A time series is a series of data points that are listed in chronological order. It has equal spacing between two measurements that follow each other. Thus, a time series can be thought of as a sequence of discrete time data that covers a continuous time interval.
Forecasting data using time series analysis involves using a meaningful model to predict future findings based on known past results.
Traditionally, time series forecasting has been dominated by linear methods like ARIMA because they are well understood and effective on many problems. But these traditional methods also suffer from some limitations such as linearity of relationships and uni-variety of data.
Recently, Deep learning methods became very promising for time series forecasting, especially because they can learn lots of time series proprieties that presented challenges before; such as automatic learning of time dependence and automatic processing of temporal structures like trends and seasonality. These models are able to predict future values based on previously observed values due to their quality of extracting input data for long durations.
This article walks through the different deep learning models applied to time series forecasting. Here is an outline of the article:
- Introduction to Recurrent Neural Networks (RNNs).
- RNNs limitations in Time Series Forecasting
- Introduction to LSTM and GRU models
- LSTM and GRU for Time Series Forecasting
- Limitations of RNNs and LSTM/GRU
- A basic introduction to Transformers
- Transformers for Time Series Forecasting
In this part, we will discover Recurrent Neural networks as well as LSTM and GRU and their applications to time series.
This Article supposes that you have a prior Knowledge in Deep Learning and Time Series.
1- Recurrent Neural Networks Series
A recurrent neural network, or RNN, is a neural network that contains recurrent layers.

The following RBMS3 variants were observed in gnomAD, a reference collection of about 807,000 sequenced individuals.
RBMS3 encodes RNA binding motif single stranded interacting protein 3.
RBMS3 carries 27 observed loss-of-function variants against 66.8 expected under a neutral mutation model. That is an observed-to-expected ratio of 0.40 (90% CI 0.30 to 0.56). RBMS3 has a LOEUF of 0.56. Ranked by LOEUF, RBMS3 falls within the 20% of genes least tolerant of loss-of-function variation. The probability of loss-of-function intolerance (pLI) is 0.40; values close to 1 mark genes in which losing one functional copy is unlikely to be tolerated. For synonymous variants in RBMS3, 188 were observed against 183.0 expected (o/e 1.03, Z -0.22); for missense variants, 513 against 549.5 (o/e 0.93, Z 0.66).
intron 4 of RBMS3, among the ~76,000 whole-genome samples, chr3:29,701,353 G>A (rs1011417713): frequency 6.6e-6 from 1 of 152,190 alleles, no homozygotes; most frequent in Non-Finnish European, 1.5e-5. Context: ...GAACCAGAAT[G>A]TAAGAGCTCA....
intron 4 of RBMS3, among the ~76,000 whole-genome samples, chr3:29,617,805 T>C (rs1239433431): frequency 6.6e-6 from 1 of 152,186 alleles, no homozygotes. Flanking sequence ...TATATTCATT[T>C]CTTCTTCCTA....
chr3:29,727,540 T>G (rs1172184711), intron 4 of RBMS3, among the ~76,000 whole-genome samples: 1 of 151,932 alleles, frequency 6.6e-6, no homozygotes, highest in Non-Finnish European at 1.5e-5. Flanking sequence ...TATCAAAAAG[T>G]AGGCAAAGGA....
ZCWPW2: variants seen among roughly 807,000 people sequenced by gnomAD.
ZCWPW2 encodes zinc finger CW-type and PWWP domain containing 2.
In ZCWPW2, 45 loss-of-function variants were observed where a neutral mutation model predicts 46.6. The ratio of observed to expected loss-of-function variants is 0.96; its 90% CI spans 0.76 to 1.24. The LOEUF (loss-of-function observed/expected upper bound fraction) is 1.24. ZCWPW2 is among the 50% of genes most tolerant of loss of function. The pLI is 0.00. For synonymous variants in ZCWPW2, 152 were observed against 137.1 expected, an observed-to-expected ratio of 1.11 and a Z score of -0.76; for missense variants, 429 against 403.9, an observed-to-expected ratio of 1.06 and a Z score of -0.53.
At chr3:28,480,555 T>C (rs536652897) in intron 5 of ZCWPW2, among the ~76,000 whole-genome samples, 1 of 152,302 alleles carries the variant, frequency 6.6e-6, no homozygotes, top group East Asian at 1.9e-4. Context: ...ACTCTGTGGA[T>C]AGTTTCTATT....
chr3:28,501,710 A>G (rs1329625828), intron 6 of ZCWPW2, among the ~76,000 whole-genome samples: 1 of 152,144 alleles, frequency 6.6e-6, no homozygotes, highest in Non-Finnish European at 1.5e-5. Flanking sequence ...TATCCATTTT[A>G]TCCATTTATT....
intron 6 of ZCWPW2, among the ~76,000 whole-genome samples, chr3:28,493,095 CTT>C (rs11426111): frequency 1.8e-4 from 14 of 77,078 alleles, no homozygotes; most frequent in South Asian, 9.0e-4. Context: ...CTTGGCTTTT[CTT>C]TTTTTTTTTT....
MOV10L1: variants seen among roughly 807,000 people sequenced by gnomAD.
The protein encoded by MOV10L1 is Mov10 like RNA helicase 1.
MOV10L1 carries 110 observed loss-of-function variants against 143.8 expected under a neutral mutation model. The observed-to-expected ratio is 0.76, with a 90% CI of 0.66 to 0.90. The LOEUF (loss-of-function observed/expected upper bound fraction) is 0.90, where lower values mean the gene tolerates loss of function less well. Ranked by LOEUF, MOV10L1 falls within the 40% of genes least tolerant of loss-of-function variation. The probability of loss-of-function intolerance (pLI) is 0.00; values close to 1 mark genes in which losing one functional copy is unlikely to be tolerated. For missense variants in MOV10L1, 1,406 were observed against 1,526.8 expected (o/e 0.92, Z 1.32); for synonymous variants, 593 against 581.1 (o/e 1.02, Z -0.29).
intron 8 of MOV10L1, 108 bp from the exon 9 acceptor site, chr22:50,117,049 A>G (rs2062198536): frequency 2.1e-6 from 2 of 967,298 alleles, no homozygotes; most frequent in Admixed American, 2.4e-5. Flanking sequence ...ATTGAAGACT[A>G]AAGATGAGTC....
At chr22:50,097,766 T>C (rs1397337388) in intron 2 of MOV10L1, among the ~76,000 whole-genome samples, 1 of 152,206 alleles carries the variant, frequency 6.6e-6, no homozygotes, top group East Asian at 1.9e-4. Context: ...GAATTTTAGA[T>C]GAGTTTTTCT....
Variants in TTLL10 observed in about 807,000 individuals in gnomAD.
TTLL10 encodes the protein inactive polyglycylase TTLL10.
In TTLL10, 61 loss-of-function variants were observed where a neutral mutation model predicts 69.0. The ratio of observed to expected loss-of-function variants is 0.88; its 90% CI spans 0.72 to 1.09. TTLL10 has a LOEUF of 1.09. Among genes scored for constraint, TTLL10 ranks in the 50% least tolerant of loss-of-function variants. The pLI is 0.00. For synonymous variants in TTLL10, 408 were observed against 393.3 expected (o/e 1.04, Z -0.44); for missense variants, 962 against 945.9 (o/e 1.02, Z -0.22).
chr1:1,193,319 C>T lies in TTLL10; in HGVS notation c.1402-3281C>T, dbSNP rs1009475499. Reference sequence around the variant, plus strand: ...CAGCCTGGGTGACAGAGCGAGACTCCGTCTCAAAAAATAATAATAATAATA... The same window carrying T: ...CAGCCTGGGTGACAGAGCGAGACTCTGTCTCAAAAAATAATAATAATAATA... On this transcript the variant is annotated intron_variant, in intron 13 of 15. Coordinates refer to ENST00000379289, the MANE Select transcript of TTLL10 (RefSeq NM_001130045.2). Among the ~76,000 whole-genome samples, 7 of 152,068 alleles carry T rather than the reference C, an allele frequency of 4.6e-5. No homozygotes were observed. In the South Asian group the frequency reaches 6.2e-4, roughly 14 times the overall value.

The main idea of recurrent neural networks is to use not only the input data xn , but also the previous outputs (x0 .. xn-1) to make the current prediction. Thus, we could build neural networks that transmit values over time.
This architecture adds state or memory to the network and allow it to learn and exploit the ordered nature of the observations in the input sequences.
Recurrent neural networks (RNNs) have always been used in sequence modeling, with good results for various natural language processing tasks. They are widely applied in Language Modeling and text generation, machine translation and Speech Recognition.
2- RNNs limitations in Time Series
In deep learning, the gradient calculation consists of performing a forward propagation pass through the unrolled graph, followed by a backward propagation pass. The execution time cannot be reduced by parallelization because the forward propagation graph is sequential in nature, i.e., each time step can only be calculated after the previous one. Therefore, back propagation for a recurrent model is called back propagation in time (BPTT).
During back propagation, recurrent neural networks suffer from the vanishing gradient problem. This Vanishing Gradient problem occurs especially when dealing with large time series data sets. If a gradient value becomes extremely small, it does not contribute much to learning.
Gradients are values used to update the weights of a neural network. The problem of gradient fading arises when the gradient gets smaller as it propagates through time.
This type of neural networks suffers also from short-term memory; If a sequence is long enough, they will have trouble carrying information from the first temporal steps to the next. Thus, layers that get a small gradient update stop learning. These are usually the oldest layers.
So, because these layers do not learn, RNNs can forget what they saw in the longer sequences, thus having a short-term memory.
3- GRU and LSTM as a solution
GRU (Greater Recurrent Units) or LSTM (Long Short Term Memory) are a very effective solution to the fading gradient problem and will allow our neural network to capture much longer range dependencies.
Both GRU and LSTM have a control mechanism to regulate the flow of information, such as storing the context over multiple time steps. They keep track of which information from the past can be retained and which can be forgotten.
- Long Short Term Memory – LSTM :